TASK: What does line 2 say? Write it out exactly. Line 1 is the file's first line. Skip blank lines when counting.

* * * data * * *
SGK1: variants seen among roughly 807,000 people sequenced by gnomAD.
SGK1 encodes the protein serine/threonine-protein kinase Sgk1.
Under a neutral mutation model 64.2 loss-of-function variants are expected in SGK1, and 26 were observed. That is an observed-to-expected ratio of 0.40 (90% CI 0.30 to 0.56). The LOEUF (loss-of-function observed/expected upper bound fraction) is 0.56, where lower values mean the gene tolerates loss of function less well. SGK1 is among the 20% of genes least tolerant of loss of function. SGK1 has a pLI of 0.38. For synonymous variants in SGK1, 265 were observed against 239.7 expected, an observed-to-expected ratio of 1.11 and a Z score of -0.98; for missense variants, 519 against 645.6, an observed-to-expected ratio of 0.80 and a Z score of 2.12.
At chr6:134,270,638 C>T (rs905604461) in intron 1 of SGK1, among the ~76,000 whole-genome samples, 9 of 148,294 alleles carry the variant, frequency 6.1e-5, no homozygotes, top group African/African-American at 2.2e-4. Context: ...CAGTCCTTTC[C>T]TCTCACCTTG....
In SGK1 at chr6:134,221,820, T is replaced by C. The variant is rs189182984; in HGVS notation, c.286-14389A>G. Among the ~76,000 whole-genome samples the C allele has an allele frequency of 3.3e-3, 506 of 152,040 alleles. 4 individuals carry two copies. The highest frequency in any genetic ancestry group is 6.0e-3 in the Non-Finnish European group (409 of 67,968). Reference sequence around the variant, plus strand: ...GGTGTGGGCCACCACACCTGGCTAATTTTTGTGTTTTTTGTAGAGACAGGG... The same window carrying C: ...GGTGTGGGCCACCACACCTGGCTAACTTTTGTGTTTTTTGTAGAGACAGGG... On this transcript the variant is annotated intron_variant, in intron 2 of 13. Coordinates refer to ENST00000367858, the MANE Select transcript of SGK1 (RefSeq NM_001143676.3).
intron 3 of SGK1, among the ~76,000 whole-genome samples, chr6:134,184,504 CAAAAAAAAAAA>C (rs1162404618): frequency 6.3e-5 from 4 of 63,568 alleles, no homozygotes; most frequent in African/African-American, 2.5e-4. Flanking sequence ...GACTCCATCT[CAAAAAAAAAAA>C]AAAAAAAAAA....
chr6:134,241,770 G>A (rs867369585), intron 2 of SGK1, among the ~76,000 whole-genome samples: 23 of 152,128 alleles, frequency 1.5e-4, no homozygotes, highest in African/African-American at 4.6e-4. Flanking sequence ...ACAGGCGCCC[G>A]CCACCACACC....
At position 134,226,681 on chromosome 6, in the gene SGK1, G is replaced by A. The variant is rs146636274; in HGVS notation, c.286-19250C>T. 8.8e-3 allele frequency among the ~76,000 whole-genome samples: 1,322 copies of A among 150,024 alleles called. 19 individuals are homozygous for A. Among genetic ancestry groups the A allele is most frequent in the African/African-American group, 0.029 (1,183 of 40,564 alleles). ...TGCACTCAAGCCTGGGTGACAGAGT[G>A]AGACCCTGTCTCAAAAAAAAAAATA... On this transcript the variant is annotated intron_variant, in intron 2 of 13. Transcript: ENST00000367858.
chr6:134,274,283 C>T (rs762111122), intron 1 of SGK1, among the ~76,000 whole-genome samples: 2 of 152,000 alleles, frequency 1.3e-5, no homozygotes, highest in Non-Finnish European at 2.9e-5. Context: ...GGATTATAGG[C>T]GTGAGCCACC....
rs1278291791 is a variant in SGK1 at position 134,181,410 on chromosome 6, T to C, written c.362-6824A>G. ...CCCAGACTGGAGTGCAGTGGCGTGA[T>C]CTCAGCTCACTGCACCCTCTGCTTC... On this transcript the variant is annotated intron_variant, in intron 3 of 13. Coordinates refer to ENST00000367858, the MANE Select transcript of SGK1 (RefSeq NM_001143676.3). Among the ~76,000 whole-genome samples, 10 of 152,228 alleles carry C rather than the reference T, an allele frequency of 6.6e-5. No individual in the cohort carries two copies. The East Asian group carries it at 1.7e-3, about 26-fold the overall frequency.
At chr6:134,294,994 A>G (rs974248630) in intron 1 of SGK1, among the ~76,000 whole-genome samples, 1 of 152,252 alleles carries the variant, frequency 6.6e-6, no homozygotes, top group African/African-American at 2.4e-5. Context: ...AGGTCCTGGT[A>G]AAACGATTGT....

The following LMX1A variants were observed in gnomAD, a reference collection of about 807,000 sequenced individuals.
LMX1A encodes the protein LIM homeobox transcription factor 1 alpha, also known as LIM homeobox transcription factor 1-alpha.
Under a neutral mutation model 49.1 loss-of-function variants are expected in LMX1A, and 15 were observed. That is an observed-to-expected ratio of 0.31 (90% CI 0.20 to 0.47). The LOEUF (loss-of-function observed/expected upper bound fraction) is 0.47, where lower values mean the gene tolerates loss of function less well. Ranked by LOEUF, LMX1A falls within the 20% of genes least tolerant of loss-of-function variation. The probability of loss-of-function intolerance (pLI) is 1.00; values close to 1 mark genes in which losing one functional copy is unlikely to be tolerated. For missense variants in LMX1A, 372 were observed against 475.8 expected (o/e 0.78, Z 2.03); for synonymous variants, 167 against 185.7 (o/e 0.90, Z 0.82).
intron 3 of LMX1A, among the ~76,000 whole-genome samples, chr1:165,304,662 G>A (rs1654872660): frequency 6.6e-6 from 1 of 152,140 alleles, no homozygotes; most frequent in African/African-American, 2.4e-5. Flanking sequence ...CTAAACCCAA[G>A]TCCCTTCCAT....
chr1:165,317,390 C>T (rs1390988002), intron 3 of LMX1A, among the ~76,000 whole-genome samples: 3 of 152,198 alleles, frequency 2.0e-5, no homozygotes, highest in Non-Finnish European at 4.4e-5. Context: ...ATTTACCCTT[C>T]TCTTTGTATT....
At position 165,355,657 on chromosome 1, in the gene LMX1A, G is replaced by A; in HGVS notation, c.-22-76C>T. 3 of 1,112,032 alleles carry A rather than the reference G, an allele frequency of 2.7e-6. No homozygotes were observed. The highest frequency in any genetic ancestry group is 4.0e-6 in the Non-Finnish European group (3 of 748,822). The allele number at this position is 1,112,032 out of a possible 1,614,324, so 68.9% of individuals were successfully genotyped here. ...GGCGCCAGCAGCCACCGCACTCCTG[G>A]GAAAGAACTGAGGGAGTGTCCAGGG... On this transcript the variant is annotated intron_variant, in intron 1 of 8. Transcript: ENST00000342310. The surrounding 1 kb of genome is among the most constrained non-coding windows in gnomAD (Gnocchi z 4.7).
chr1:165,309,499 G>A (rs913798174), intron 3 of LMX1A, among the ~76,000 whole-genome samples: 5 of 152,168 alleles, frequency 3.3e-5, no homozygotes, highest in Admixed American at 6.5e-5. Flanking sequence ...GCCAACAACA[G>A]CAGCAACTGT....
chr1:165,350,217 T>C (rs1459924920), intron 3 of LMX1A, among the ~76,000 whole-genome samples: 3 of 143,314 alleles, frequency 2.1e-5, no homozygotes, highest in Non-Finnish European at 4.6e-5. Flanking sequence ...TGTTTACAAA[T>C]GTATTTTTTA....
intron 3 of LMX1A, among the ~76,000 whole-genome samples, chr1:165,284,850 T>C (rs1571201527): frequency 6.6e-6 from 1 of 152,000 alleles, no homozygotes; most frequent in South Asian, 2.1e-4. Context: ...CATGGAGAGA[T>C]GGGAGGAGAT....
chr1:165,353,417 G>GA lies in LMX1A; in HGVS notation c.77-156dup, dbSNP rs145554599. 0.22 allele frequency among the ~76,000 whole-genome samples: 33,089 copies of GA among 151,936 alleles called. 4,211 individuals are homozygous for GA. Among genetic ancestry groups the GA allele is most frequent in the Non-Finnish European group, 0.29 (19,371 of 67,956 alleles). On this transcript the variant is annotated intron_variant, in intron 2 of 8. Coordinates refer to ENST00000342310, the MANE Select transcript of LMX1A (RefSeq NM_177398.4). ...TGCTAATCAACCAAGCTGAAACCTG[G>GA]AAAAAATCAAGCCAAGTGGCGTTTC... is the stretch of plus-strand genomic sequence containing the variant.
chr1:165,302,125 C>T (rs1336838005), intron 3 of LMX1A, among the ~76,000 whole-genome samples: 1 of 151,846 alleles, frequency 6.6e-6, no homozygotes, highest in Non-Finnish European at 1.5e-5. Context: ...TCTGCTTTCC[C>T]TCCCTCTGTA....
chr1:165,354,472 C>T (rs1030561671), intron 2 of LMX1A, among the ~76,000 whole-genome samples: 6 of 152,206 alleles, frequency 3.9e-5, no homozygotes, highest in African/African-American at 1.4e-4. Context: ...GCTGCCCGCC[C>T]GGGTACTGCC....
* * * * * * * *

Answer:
SGK1 encodes the protein serine/threonine-protein kinase Sgk1.